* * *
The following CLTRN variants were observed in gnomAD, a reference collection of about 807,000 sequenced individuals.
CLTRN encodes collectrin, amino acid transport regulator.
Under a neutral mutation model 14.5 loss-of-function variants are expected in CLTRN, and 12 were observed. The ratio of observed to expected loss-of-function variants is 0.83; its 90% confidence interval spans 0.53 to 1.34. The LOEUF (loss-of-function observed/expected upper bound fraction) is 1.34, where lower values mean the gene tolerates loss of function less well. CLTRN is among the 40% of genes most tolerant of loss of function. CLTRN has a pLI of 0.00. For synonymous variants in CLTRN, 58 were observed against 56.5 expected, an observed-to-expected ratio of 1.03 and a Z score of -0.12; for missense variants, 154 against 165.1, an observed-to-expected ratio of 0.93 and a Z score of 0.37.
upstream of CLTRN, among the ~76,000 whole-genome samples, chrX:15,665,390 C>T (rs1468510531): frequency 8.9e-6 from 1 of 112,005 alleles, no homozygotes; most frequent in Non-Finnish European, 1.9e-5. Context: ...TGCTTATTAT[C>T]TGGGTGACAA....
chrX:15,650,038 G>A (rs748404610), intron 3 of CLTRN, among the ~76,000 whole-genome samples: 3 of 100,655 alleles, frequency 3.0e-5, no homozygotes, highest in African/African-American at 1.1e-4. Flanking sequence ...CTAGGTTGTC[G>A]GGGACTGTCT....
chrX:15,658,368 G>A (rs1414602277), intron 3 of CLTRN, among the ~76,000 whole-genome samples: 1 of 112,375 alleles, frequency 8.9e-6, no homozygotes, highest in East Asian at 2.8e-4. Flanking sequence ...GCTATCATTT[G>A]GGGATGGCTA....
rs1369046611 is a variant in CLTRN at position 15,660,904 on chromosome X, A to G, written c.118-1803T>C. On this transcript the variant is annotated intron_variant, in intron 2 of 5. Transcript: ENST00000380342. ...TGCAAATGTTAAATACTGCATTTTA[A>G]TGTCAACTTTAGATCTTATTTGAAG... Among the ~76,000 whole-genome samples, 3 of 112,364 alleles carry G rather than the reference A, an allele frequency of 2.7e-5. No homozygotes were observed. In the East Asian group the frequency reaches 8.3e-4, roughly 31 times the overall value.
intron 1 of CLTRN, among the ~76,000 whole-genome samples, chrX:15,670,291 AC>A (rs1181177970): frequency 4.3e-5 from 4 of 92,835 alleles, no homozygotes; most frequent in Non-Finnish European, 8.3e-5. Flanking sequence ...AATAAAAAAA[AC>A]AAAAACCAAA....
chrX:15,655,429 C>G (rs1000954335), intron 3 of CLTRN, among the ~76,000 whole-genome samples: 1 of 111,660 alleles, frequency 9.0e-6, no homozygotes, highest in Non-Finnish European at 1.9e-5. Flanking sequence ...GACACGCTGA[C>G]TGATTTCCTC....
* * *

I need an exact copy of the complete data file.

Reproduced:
The following CLTRN variants were observed in gnomAD, a reference collection of about 807,000 sequenced individuals.
CLTRN encodes collectrin, amino acid transport regulator.
Under a neutral mutation model 14.5 loss-of-function variants are expected in CLTRN, and 12 were observed. The ratio of observed to expected loss-of-function variants is 0.83; its 90% confidence interval spans 0.53 to 1.34. The LOEUF (loss-of-function observed/expected upper bound fraction) is 1.34, where lower values mean the gene tolerates loss of function less well. CLTRN is among the 40% of genes most tolerant of loss of function. CLTRN has a pLI of 0.00. For synonymous variants in CLTRN, 58 were observed against 56.5 expected, an observed-to-expected ratio of 1.03 and a Z score of -0.12; for missense variants, 154 against 165.1, an observed-to-expected ratio of 0.93 and a Z score of 0.37.
upstream of CLTRN, among the ~76,000 whole-genome samples, chrX:15,665,390 C>T (rs1468510531): frequency 8.9e-6 from 1 of 112,005 alleles, no homozygotes; most frequent in Non-Finnish European, 1.9e-5. Context: ...TGCTTATTAT[C>T]TGGGTGACAA....
chrX:15,650,038 G>A (rs748404610), intron 3 of CLTRN, among the ~76,000 whole-genome samples: 3 of 100,655 alleles, frequency 3.0e-5, no homozygotes, highest in African/African-American at 1.1e-4. Flanking sequence ...CTAGGTTGTC[G>A]GGGACTGTCT....
chrX:15,658,368 G>A (rs1414602277), intron 3 of CLTRN, among the ~76,000 whole-genome samples: 1 of 112,375 alleles, frequency 8.9e-6, no homozygotes, highest in East Asian at 2.8e-4. Flanking sequence ...GCTATCATTT[G>A]GGGATGGCTA....
rs1369046611 is a variant in CLTRN at position 15,660,904 on chromosome X, A to G, written c.118-1803T>C. On this transcript the variant is annotated intron_variant, in intron 2 of 5. Transcript: ENST00000380342. ...TGCAAATGTTAAATACTGCATTTTA[A>G]TGTCAACTTTAGATCTTATTTGAAG... Among the ~76,000 whole-genome samples, 3 of 112,364 alleles carry G rather than the reference A, an allele frequency of 2.7e-5. No homozygotes were observed. In the East Asian group the frequency reaches 8.3e-4, roughly 31 times the overall value.
intron 1 of CLTRN, among the ~76,000 whole-genome samples, chrX:15,670,291 AC>A (rs1181177970): frequency 4.3e-5 from 4 of 92,835 alleles, no homozygotes; most frequent in Non-Finnish European, 8.3e-5. Flanking sequence ...AATAAAAAAA[AC>A]AAAAACCAAA....
chrX:15,655,429 C>G (rs1000954335), intron 3 of CLTRN, among the ~76,000 whole-genome samples: 1 of 111,660 alleles, frequency 9.0e-6, no homozygotes, highest in Non-Finnish European at 1.9e-5. Flanking sequence ...GACACGCTGA[C>G]TGATTTCCTC....